According to a recent article published in the International Journal of Radiation Oncology, Biology and Physics, patients with rectal cancer that has low expression of cyclooxygenase-2 (Cox-2) have a lower incidence of cancer recurrence near or at the site of origin (local recurrence) following radiation therapy. Conversely, those with high expression of Cox-2 do not appear to gain benefit in terms of local cancer recurrences with radiation therapy.
The Cox-2 enzyme (protein) is involved in inflammatory pathways in the body. Cox-2 expression has been implicated in the development and/or persistence of various types of cancer, as well as in differences in responses to certain types of therapy. It continues to be evaluated as a “marker” for prognosis in cancer as well as in individualized treatment approaches.
Rectal cancer is a disease in which malignant cells arise from the cells of the rectum. The rectum is part of the digestive system and is made up of the final 6 inches of the large intestine. Current treatments for rectal cancer include surgery, chemotherapy and radiation. Radiation therapy is used to decrease the risk of a local cancer recurrence, or to shrink the cancer prior to surgery. Chemotherapy is used to decrease the risk of a cancer recurrence anywhere in the body.
Researchers from Sweden recently conducted a clinical trial to evaluate a possible association between expression of Cox-2 and response to radiation therapy in patients with rectal cancer. This study included patients with rectal cancer who had undergone radiation therapy prior to surgery. Samples of the patient’s cancer at its original site, as well as sites to which it may have spread, such as lymph nodes, were evaluated for levels of Cox-2 expression.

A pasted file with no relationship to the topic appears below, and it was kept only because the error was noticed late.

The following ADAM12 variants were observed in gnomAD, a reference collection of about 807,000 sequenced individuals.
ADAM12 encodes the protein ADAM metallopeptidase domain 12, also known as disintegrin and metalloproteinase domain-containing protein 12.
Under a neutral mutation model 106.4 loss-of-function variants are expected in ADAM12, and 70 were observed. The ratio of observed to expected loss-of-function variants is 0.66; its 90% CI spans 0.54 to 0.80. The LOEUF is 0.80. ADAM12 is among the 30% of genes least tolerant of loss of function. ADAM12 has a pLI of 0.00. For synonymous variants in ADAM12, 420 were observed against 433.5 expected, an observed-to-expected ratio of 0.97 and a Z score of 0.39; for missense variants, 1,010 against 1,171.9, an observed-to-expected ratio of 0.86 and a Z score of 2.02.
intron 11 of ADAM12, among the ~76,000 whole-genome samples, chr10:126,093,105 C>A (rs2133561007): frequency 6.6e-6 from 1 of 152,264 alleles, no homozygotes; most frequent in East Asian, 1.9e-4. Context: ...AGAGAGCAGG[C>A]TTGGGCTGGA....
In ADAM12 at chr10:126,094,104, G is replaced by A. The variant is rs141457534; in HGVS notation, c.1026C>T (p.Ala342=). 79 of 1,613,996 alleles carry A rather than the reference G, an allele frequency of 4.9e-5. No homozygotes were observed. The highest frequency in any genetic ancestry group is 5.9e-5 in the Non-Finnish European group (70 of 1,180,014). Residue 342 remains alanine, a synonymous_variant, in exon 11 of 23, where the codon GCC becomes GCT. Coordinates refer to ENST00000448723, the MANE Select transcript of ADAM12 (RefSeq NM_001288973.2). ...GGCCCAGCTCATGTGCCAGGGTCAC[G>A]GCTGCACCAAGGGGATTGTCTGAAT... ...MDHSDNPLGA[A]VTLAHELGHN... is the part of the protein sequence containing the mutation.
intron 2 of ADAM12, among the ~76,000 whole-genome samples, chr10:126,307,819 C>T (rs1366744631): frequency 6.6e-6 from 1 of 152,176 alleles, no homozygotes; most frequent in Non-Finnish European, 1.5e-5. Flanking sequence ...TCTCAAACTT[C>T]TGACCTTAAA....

Cox-2 expression was related to the risk of a local recurrence in these patients:
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• Rates of local recurrences at the site of radiation were reduced in patients with low levels of Cox-2 expression.
• Rates of local recurrences were not affected by radiation therapy in patients with high levels of Cox-2 expression.
The researchers concluded that the level of Cox-2 expression is associated with the risk of a local recurrence following radiation therapy in patients with rectal cancer. These results lend to further evidence that individualized treatment regimens are necessary to provide optimal long-term outcomes for patients with this disease. Future clinical studies are necessary to confirm this association.
Patients with rectal cancer who are to undergo radiation therapy may wish to speak with their physician regarding their individual risks and benefits of participating in a clinical trial further evaluating Cox-2 expression and prognosis, or other novel therapeutic approaches.
Two sources of information regarding ongoing clinical trials include the National Cancer Institute (cancer.gov) and www.cancerconsultants.com.
Reference: Pachkoria K, Zhang H, Adell G, et al. Significance of Cox-2 expression in rectal cancers with or without preoperative radiotherapy. International Journal of Radiation Oncology, Biology, Physics. 2005; 63: 739-744.
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